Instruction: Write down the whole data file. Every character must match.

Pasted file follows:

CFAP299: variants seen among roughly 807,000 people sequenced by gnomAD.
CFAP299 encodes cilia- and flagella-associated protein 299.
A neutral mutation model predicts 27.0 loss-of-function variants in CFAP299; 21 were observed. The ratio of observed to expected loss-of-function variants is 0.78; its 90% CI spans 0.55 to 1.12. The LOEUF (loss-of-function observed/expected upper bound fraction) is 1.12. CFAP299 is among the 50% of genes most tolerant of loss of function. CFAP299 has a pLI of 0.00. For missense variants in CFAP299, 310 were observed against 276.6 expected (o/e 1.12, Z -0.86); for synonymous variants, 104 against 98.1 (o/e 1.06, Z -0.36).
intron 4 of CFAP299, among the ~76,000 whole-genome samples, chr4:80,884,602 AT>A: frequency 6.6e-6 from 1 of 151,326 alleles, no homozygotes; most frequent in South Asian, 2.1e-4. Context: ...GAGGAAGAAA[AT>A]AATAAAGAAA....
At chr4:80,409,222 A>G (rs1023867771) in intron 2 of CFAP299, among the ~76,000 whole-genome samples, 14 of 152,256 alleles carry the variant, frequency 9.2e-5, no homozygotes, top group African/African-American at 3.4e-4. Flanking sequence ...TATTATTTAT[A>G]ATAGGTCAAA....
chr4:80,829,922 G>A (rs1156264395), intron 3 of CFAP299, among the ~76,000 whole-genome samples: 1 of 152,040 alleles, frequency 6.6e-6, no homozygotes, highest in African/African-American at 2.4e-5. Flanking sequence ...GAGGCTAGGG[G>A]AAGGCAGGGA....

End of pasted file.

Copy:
CFAP299: variants seen among roughly 807,000 people sequenced by gnomAD.
CFAP299 encodes cilia- and flagella-associated protein 299.
A neutral mutation model predicts 27.0 loss-of-function variants in CFAP299; 21 were observed. The ratio of observed to expected loss-of-function variants is 0.78; its 90% CI spans 0.55 to 1.12. The LOEUF (loss-of-function observed/expected upper bound fraction) is 1.12. CFAP299 is among the 50% of genes most tolerant of loss of function. CFAP299 has a pLI of 0.00. For missense variants in CFAP299, 310 were observed against 276.6 expected (o/e 1.12, Z -0.86); for synonymous variants, 104 against 98.1 (o/e 1.06, Z -0.36).
intron 4 of CFAP299, among the ~76,000 whole-genome samples, chr4:80,884,602 AT>A: frequency 6.6e-6 from 1 of 151,326 alleles, no homozygotes; most frequent in South Asian, 2.1e-4. Context: ...GAGGAAGAAA[AT>A]AATAAAGAAA....
At chr4:80,409,222 A>G (rs1023867771) in intron 2 of CFAP299, among the ~76,000 whole-genome samples, 14 of 152,256 alleles carry the variant, frequency 9.2e-5, no homozygotes, top group African/African-American at 3.4e-4. Flanking sequence ...TATTATTTAT[A>G]ATAGGTCAAA....
chr4:80,829,922 G>A (rs1156264395), intron 3 of CFAP299, among the ~76,000 whole-genome samples: 1 of 152,040 alleles, frequency 6.6e-6, no homozygotes, highest in African/African-American at 2.4e-5. Flanking sequence ...GAGGCTAGGG[G>A]AAGGCAGGGA....